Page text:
Jerry Murphy, JD, AICP, CFM

    The costs of natural hazards are often made worse by poor planning decisions. Review current environmental and development trends that are driving the need for hazard mitigation planning, and learn about the planning and development practices that can make communities better prepared and more resilient to flooding and storm surge.


Sign up for our Newsletter to receive event announcements and program updates.

AICP Certification Maintenance (CM) and Continuing Education Credits (CECs) through the Texas Floodplain Management Association are sometimes offered for events. APA event archive for the Hazard Mitigation and Plan Integration and Flooding and Stormwater courses.


Planning Foundations Course

  1. Introduction to Community Planning
    Shannon Van Zandt, Ph.D., AICP

    How do communities and local officials use the planning powers of local government to improve neighborhoods, promote economic development, preserve open space, and protect public safety? Development and placemaking issues concerning sprawl, smart growth, and new urbanism will be covered through an exploration of the planning process to help local officials better understand their planning options and impacts.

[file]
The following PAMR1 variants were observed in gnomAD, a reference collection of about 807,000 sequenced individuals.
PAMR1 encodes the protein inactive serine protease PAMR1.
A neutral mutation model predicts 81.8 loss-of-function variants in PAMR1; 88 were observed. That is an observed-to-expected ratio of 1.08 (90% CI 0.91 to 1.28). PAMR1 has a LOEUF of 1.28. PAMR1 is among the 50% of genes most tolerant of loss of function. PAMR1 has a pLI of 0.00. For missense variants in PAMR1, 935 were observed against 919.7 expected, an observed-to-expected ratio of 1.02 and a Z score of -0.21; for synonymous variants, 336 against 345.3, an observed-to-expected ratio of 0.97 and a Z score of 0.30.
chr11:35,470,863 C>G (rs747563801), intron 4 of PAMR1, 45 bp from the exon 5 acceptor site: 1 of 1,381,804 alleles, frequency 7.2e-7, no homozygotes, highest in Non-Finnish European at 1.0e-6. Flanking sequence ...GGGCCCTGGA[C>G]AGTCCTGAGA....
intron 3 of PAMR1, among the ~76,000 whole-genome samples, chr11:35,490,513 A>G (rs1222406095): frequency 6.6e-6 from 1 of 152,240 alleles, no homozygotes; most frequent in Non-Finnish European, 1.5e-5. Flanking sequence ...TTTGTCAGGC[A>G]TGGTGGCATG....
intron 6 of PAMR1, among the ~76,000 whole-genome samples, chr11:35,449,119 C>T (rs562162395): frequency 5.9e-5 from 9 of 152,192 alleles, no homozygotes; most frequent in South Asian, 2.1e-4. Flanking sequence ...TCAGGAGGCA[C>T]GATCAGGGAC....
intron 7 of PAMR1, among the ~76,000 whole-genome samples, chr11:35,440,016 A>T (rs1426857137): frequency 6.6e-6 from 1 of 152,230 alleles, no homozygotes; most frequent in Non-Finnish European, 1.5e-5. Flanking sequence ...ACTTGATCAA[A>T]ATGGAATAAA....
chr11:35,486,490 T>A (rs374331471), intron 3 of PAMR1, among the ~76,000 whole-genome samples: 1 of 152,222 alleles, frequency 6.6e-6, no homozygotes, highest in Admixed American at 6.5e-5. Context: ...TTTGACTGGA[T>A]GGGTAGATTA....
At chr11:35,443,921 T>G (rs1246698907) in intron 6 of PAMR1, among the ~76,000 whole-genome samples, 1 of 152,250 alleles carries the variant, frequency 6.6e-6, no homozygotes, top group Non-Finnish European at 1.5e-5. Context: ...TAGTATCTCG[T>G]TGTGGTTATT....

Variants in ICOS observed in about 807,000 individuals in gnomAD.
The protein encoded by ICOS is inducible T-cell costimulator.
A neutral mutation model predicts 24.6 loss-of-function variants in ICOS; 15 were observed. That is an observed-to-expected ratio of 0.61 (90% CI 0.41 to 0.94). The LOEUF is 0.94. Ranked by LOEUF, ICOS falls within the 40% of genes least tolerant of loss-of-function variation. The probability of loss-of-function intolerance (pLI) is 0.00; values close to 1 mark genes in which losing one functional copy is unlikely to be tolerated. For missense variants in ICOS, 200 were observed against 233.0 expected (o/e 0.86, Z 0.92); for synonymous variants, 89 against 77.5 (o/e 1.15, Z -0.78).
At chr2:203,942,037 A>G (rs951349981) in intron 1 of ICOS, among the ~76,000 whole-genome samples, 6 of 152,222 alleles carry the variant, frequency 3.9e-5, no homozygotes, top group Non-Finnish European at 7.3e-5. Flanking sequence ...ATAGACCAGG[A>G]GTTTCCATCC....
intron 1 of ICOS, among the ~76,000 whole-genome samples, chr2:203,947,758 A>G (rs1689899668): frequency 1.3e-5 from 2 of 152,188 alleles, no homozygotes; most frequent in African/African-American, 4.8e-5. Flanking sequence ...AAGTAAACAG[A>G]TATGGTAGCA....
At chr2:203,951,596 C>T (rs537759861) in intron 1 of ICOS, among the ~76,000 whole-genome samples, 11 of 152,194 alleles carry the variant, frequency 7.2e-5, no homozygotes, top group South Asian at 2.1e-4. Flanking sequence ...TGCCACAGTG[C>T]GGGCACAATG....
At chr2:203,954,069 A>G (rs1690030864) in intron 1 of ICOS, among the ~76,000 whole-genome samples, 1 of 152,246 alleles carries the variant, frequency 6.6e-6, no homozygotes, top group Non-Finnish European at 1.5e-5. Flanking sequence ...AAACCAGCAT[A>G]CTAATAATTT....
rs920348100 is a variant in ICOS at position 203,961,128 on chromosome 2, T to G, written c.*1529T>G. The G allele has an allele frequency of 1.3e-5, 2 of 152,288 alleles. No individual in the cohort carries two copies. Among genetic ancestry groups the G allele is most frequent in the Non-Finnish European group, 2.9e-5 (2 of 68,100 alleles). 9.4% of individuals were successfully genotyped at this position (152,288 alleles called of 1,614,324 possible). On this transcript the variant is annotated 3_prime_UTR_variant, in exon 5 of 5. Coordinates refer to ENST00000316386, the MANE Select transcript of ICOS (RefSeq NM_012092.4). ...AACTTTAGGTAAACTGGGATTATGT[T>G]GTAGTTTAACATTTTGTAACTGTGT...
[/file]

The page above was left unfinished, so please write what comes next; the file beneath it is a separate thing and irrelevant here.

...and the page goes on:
1. Legal Foundations of Community Planning
    Matthew J. Festa, JD

    We will take a look at Texas law and the United States Constitution covering the legal basis and limits of municipal planning powers. The unit will also cover definitive court cases and enabling statutes that outline local planning authority, including issues related to takings, eminent domain, and due process.


  1. Building Communities: From Vision to Policy
    Matt Lewis, CNU-A

    The comprehensive plan, public participation, zoning and other major policy tools are available to municipalities. These tools form the backbone for how communities shape where and how development happens, promote the efficient use of municipal services, and protect public health and safety.


  1. Planning for Community Resilience
    Jaimie Hicks Masterson, AICP, LEED GA

    The costs of natural hazards are often made worse by poor planning decisions. Review current environmental and development trends that are driving the need for hazard mitigation planning, and learn about the planning and development practices that can make communities better prepared and more resilient to flooding and storm surge.